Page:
SAN FRANCISCO (Reuters) - Zynga Inc (ZNGA.O), the one-time Silicon Valley darling that has been wrestling with a months-long exodus of online gamers, reported an unexpected fourth-quarter profit on Tuesday,
Revenue was virtually flat from a year ago, but was down from the prior quarter. And Zynga’s underlying business appeared to be continuing its downward slide, as the maker of “CityVille 2” and other games projected revenue could shrink for a third sequential quarter.
The game maker reported a quarterly profit of 1 cent per share on an adjusted basis, beating expectations for a loss of 3 cents per share, according to analysts polled by Thomson Reuters I/B/E/S.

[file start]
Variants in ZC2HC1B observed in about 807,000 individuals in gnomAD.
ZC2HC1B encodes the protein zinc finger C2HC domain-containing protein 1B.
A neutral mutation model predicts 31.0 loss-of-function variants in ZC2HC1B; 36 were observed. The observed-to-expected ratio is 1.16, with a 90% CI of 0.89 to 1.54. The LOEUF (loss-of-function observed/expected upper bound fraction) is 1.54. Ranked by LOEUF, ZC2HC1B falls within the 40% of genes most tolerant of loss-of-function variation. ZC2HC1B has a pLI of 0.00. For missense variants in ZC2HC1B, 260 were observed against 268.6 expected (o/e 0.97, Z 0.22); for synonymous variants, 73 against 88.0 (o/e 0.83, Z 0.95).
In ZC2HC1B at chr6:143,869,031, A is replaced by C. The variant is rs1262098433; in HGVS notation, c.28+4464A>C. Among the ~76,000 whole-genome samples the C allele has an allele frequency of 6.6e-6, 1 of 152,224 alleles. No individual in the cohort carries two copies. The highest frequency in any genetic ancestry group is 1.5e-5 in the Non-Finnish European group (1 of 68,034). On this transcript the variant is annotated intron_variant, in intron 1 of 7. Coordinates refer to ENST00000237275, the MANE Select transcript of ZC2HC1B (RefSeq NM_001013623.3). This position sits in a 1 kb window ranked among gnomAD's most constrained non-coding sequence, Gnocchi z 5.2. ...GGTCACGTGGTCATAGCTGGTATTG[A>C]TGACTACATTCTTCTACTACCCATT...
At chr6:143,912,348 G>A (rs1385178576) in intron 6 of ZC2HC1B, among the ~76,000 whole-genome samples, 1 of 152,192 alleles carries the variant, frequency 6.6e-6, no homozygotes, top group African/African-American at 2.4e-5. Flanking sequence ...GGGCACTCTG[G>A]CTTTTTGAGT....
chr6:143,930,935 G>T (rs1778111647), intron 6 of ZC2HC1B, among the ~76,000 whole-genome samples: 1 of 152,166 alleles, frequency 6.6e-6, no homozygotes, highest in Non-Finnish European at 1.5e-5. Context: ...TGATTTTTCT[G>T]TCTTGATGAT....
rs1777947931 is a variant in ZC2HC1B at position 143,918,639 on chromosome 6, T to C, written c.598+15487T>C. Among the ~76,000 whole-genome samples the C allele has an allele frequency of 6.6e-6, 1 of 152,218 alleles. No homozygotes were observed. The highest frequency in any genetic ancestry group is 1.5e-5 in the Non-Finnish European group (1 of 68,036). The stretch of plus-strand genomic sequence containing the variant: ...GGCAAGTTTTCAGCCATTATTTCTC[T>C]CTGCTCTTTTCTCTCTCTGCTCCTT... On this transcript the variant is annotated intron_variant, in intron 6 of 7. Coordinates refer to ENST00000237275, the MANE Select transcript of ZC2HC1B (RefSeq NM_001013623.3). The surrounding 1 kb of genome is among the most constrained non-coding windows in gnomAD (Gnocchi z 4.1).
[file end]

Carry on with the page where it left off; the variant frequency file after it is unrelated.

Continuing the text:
Shares of Zynga rose 5.8 percent to $2.90 in after-hours trade on the results.
Fourth-quarter revenues were $311 million, virtually unchanged from a year ago.
Zynga forecast revenue for the first quarter of 2013 of between $255 million and $265 million, a roughly 20 percent drop from the same quarter in 2012.
Once hailed as one of Silicon Valley’s fastest growing companies, Zynga suffered a dramatic reversal in 2012, when users began to abandon its once-popular games like “CityVille.” The company was also caught off-guard by a sea change in consumer behavior, as people spent more time on their mobile phones instead of desktop computers - the platform for most of Zynga’s most lucrative, Facebook-based (FB.O) games.
During the quarter, Zynga’s daily active users fell to 56 million, down from a high of 72 million in the second quarter of 2012.
In October, Zynga‘a chief executive, Mark Pincus, laid off staff and announced $200 million in stock buybacks after the company forecast a loss for the December quarter.
He has also vowed to make smartphone-based games a centerpiece of Zynga’s line-up.
Reporting By Gerry Shih; Editing by Leslie Adler